Russia's Gazprom increased its share of the European gas market in the third quarter significantly, but the state-controlled gas monopoly also saw its debt swell in the period.
Gazprom reported a 21% rise in its pipeline gas exports and sales to Europe to more than 56 billion cubic metres in the third quarter as against the second quarter when European countries had reduced consumption due to Covid-19-related lockdowns.
As a result, Gazprom’s estimated market share rose to 34% in the third quarter against 28% in the beginning of 2020, according to the company's deputy department head Alexei Finikov.
Gazprom’s gas sales in Europe also increased because the company lifted gas from storage facilities in Europe for delivery to customers between July and September — in previous years, the company pumped gas into storage during this period, market observers noted.
While Gazprom executives expect European demand for Russian pipeline gas to remain robust in the fourth quarter and next year, Gazprom has also acknowledged that its pipeline gas exports to Europe will continue to be affected by US liquefied natural gas exports and gas demand in Asia.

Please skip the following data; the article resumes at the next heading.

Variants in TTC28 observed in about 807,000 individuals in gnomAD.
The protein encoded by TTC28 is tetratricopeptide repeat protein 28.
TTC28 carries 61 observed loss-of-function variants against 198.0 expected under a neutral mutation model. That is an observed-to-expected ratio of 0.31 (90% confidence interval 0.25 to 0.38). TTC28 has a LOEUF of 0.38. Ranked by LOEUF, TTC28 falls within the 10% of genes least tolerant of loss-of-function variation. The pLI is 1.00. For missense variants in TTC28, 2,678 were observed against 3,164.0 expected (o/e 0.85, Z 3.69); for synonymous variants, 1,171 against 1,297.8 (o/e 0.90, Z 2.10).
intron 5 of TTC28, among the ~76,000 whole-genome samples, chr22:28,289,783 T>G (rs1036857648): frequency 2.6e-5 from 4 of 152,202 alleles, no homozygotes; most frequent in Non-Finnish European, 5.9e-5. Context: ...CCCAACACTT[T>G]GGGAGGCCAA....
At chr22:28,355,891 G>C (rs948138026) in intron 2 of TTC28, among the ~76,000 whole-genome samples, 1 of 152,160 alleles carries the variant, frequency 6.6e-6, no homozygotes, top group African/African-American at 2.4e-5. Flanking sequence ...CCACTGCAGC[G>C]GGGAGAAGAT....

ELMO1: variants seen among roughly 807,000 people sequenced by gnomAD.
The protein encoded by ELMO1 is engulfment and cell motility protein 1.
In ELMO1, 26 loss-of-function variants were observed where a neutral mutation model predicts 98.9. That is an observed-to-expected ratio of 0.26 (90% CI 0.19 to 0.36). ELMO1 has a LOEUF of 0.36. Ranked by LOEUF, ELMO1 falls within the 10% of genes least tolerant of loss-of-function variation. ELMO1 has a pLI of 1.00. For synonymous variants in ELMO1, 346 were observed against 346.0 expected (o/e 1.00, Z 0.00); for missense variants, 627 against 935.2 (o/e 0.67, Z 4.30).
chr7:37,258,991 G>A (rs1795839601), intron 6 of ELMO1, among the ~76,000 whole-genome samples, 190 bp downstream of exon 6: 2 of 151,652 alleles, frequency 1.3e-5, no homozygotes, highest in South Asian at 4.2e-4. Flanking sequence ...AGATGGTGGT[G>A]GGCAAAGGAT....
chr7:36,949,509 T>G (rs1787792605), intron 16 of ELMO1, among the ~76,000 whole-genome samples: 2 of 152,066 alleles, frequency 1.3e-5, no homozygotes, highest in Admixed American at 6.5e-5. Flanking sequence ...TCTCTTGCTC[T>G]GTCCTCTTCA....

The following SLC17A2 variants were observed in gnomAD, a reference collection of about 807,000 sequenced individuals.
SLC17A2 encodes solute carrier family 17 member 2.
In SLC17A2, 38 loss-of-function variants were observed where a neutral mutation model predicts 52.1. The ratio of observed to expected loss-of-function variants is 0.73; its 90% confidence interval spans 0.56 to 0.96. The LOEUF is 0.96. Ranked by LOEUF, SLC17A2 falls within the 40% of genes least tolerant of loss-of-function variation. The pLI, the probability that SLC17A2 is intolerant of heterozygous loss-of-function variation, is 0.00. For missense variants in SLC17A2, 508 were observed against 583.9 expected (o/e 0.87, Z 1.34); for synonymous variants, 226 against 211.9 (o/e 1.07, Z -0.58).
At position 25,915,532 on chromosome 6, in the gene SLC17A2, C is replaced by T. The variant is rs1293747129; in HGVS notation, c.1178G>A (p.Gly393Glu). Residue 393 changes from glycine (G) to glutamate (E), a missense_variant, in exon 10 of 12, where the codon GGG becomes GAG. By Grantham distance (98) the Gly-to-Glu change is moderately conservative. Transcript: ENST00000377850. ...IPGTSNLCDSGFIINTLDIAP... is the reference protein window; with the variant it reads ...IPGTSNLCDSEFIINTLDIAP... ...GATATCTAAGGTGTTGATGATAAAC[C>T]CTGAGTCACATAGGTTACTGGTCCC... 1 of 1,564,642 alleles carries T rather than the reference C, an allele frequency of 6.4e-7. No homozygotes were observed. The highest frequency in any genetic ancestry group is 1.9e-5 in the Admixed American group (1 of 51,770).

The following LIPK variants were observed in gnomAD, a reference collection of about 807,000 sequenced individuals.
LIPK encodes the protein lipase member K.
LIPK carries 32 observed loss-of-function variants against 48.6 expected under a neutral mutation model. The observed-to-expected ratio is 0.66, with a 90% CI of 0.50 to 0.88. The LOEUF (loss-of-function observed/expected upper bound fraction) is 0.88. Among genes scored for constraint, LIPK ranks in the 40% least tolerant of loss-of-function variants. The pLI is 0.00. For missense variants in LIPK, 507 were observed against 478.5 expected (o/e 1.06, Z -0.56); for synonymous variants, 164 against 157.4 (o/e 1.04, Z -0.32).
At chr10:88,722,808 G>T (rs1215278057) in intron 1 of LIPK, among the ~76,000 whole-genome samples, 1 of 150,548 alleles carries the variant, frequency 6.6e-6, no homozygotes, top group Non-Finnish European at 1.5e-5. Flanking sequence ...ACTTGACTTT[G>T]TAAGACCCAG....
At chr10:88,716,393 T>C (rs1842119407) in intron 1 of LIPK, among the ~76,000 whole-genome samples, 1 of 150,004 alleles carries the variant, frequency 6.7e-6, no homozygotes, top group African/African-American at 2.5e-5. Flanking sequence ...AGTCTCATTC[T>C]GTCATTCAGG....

Gazprom said in its presentation that the rise of its gas sales to Europe occurred after a drop in the US liquefaction capacity utilisation to 35% from 90% this year, and a higher premium for LNG on the Asian markets that had pulled spot LNG cargoes away from Europe.
On the domestic market, the third quarter brought another heavy blow to Gazprom’s revenues, with sales dropping to 34 Bcm against 40 Bcm in the second quarter and 77 Bcm in the first quarter of this year.
Unable to reduce its operating costs and investments to respond to the market downturn, Gazprom has had to use cash to cover the shortfall between revenues and spending.
As a result, cash held at bank accounts dropped to 67 billion roubles ($890 million) by 30 September as against 676 billion roubles as of 31 December 2019, according to its presentation on Tuesday.
The decline led to the rise of net debt to over $55 billion against $40 billion at the end of 2019, it said.